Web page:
"Some days now, George Monroe wears a remarkable souvenir from that day, a pendant made of dimes that were melted together when his family home burned. And he still wonders why people could be so mean for no good reason at all. In all these years, no one has been able to answer that for him. The best folks can do is to listen to his story and join in with his remembrances. Now he takes a sip from a beer, rises from his chair and disappears into a back room of the home. In a minute, he returns holding a blackened penny, one of hundreds his family extracted from the ruins of their place so long ago. "That's a penny you can keep," he says, handing it over. "Keep that penny as a reminder."

Interesting! Thanks. I hope those burned relics remain preserved and properly documented. I'm still curious to learn more about the gold-plated medals presented by the state to survivors. -Editor

To read the earlier E-Sylum article, see:

For more information, or to order the book, see:
THE BURNING The Tulsa Race Massacre of 1921 (

The Japan Craze
Ted Puls writes:

Framed replica Japanese coins "I loved seeing the framed Japanese coin article at the end of the last E-Sylum. I enjoyed seeing a similar item when visiting the ANA Library. It was on the wall near the books on Chinese coins. Sadly this item was stolen by someone not reading the nearby books, to know that the coins were fake. I wonder if these displays were "mass-produced"?"

All things Japan were a big craze at one time, and these decorative art frames are likely from the 19th-century versions of Home Goods. See the complete article linked at the bottom of the earlier piece. -Editor

"Many of these framed objects have connections to some of the 19th century's great curio shops that specialized in the manufacture and selling of Japanese decorative arts objects, silvers, furniture, and lacquers to European collectors."

To read the earlier E-Sylum article, see:
LOOSE CHANGE: JANUARY 24, 2021 : Framed Displays of Japanese Money (

Churchill in a Military Cap
Chip Howell writes:

"Purely by serendipity, I ran across a coin w/Churchill in a military cap just this evening: Liberia $10, 1995 (KM#145)"

Churchill Navy Medal obverse

Chip was responding to my comment about this medal, noting that I hadn't seen a coin or medal depicting Churchill with a military cap. I found a similar dollar coin on Numista. -Editor

White spacer bar
Liberia Churchill dollar obverse Liberia Churchill dollar

Chip adds:

"That coin (KM#140) is the same design as the one I saw (KM#145)

"I made the "mistake" of typing "Churchill" into Numista, and came up with several other examples.

"This is very much a minority among his depictions, as you referenced--most are bare-headed or w/homburg et al."

To read the earlier E-Sylum article, see:
NUMISMATIC NUGGETS: JANUARY 24, 2021 : Churchill Navy Medal (

NumisPlace E-Sylum ad01


Another major coin show has fallen victim to the pandemic. Here's the press release. -Editor

Whitman Coin Expo logo The March 25–27, 2021, Whitman Coin & Collectibles Baltimore Expo will not be held as Maryland continues to mitigate the COVID-19 coronavirus pandemic. The Baltimore Convention Center notified Whitman Coin & Collectibles that the event was canceled for March 2021.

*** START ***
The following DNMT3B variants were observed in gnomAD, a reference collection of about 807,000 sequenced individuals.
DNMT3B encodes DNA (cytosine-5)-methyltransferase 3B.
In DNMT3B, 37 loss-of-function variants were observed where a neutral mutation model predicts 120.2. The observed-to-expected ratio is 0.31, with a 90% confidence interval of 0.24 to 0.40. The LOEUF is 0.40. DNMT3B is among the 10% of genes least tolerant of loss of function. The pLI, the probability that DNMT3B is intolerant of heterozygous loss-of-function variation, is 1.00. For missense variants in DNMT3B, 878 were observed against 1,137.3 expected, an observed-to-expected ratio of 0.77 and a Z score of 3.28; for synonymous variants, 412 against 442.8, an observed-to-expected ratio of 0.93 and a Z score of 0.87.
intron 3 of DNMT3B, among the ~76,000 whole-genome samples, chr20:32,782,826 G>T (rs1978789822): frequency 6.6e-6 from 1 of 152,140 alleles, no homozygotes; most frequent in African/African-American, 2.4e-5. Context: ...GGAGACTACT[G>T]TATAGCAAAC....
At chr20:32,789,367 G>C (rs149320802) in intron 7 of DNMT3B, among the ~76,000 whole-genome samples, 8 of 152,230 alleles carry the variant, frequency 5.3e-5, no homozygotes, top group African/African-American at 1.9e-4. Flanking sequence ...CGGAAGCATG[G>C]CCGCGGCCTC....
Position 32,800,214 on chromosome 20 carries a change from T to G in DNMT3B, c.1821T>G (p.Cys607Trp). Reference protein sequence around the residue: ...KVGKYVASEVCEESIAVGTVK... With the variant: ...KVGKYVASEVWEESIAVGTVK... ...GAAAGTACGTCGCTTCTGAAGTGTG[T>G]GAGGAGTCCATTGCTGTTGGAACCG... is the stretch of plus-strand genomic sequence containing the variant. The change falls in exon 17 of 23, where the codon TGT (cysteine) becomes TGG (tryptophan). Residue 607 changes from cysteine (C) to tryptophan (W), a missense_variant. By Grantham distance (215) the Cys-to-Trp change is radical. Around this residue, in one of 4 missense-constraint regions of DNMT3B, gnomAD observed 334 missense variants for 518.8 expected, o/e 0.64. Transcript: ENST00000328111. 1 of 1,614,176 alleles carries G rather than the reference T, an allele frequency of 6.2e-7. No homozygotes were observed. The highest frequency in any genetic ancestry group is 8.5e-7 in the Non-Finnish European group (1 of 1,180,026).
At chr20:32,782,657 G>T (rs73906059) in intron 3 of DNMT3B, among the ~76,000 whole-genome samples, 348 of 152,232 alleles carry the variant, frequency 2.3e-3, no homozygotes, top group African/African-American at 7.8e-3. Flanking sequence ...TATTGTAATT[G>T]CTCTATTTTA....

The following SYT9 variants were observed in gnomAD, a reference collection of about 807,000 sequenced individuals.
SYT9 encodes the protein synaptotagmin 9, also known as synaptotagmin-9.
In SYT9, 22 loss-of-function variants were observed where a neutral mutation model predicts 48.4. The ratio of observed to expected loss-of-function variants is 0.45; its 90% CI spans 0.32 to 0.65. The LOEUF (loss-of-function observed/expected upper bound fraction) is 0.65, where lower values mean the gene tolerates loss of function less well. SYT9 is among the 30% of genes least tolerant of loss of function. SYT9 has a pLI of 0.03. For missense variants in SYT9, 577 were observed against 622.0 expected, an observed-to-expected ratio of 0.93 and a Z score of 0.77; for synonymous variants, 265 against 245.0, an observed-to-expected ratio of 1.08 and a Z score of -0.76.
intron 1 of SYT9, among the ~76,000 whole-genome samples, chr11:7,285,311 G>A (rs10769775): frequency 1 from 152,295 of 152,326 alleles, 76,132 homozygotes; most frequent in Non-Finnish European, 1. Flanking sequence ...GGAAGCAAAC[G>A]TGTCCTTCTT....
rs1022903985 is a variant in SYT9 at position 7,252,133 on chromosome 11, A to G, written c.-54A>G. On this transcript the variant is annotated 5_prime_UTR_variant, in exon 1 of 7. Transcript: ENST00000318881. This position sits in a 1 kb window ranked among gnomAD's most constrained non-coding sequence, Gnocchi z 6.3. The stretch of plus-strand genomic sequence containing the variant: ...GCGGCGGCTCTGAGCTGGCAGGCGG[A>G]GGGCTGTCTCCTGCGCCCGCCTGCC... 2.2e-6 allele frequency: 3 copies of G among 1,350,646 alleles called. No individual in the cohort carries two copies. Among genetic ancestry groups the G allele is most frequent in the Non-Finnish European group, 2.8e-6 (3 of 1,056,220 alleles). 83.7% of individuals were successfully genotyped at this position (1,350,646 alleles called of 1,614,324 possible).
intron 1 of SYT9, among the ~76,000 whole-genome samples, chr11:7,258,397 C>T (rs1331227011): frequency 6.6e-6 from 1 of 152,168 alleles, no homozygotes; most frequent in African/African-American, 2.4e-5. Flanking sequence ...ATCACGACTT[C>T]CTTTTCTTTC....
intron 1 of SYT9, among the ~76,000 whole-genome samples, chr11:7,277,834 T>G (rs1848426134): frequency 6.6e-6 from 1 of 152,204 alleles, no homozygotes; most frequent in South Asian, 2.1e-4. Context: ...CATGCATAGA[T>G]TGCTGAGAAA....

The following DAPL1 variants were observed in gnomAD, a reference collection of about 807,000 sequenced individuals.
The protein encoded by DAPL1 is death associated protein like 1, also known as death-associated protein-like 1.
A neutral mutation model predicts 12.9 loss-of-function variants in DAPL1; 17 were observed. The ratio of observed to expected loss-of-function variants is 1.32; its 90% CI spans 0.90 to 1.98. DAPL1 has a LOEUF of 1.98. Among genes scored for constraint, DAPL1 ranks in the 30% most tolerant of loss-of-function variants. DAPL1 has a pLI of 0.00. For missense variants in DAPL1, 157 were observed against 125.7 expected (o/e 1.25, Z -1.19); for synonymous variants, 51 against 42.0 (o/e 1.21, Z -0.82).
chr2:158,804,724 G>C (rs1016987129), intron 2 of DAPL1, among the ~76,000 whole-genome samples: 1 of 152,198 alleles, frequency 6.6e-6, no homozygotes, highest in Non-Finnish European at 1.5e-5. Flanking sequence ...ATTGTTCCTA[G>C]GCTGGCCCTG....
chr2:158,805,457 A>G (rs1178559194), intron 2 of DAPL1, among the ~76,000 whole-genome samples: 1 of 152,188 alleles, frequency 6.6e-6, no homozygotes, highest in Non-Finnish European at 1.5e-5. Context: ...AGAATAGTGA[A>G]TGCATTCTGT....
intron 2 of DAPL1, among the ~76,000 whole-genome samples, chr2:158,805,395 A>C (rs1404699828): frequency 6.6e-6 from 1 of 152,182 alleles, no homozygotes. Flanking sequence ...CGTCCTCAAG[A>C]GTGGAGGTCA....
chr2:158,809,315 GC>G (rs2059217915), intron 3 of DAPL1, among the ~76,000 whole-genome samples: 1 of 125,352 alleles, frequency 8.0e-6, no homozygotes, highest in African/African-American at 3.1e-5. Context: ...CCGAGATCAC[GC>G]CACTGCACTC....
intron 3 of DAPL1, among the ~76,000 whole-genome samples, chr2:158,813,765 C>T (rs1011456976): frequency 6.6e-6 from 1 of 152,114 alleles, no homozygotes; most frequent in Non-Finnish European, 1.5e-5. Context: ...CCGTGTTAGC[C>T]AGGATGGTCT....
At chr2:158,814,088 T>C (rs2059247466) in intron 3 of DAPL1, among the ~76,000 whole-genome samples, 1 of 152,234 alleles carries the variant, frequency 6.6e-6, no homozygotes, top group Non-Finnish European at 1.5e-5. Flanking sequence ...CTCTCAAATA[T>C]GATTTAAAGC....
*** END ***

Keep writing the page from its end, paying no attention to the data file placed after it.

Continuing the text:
The show's manager plans an expanded "MEGA Bourse" for the June 3–5 Expo, one of the largest numismatic events of the year. It will be held at its regular venue, the Baltimore Convention Center.

Whitman Expo manager Lori Kraft said, "After a long winter, we know that collectors and dealers are eager to get back to business as usual. Nothing beats the excitement of attending a major show in person—and our summer Baltimore Expo will be MEGA."

Kraft and her Expo team are working to make the June 2021 Baltimore Expo the largest ever. "We will be expanding the bourse to accommodate all dealers that annually attend our March and June events. We encourage first-time dealers to sign up for the June Mega bourse. We anticipate that hobbyists and the public will be out in full force. We want to welcome people to the Convention Center for a fun, energetic show, while keeping everyone comfortable and safe."

A lineup of new Whitman Publishing books, and educational events and exhibits, is planned for the show.

Whitman's Guide Book of United States Coins, known hobby-wide as the "Red Book," celebrates its 75th anniversary in 2021. The June Baltimore Expo will be the scene of giveaways and events in recognition of this numismatic milestone. In addition, the seventh edition of MEGA RED, the expanded 1,504-page version of the Red Book, will be available at the show. Its expanded feature section focuses on silver and modern dollars.

Other special Expo promotions will center around the ever-popular Morgan and Peace silver dollars. This year marks the centennial of the last Morgans and the first Peace dollars, all struck in 1921. The U.S. Mint will issue special tribute coins later in the year. Collector excitement will also rally around the new American Silver Eagle "Flying Eagle" design, also set to debut this year.

Updates and news about the Baltimore Expo will be posted at

Stack's Bowers Galleries will provide details of its still-scheduled March 2021 auction on their web site,

WBA E-Sylum ad Sale 3


Stack's Bowers Galleries is moving their March 2021 sale to Las Vegas. Here's the press release. -Editor

Stacks Bowers March 2021 Las Vegas logo

Stack's Bowers Galleries' March 2021 Auction has been relocated and will now be held in Las Vegas, March 23-26 at the Bellagio Hotel and Casino, in coordination with the PCGS Substitute Members Only Show. Lot viewing will take place in California, New York and at the convention venue with dates to be announced. Specific session details will also be forthcoming as the sale date approaches.

"As the Baltimore Convention Center remains closed, we are pleased to once again be associated with the PCGS Substitute Members Only Show in Las Vegas," said Brian Kendrella, president of Stack's Bowers Galleries.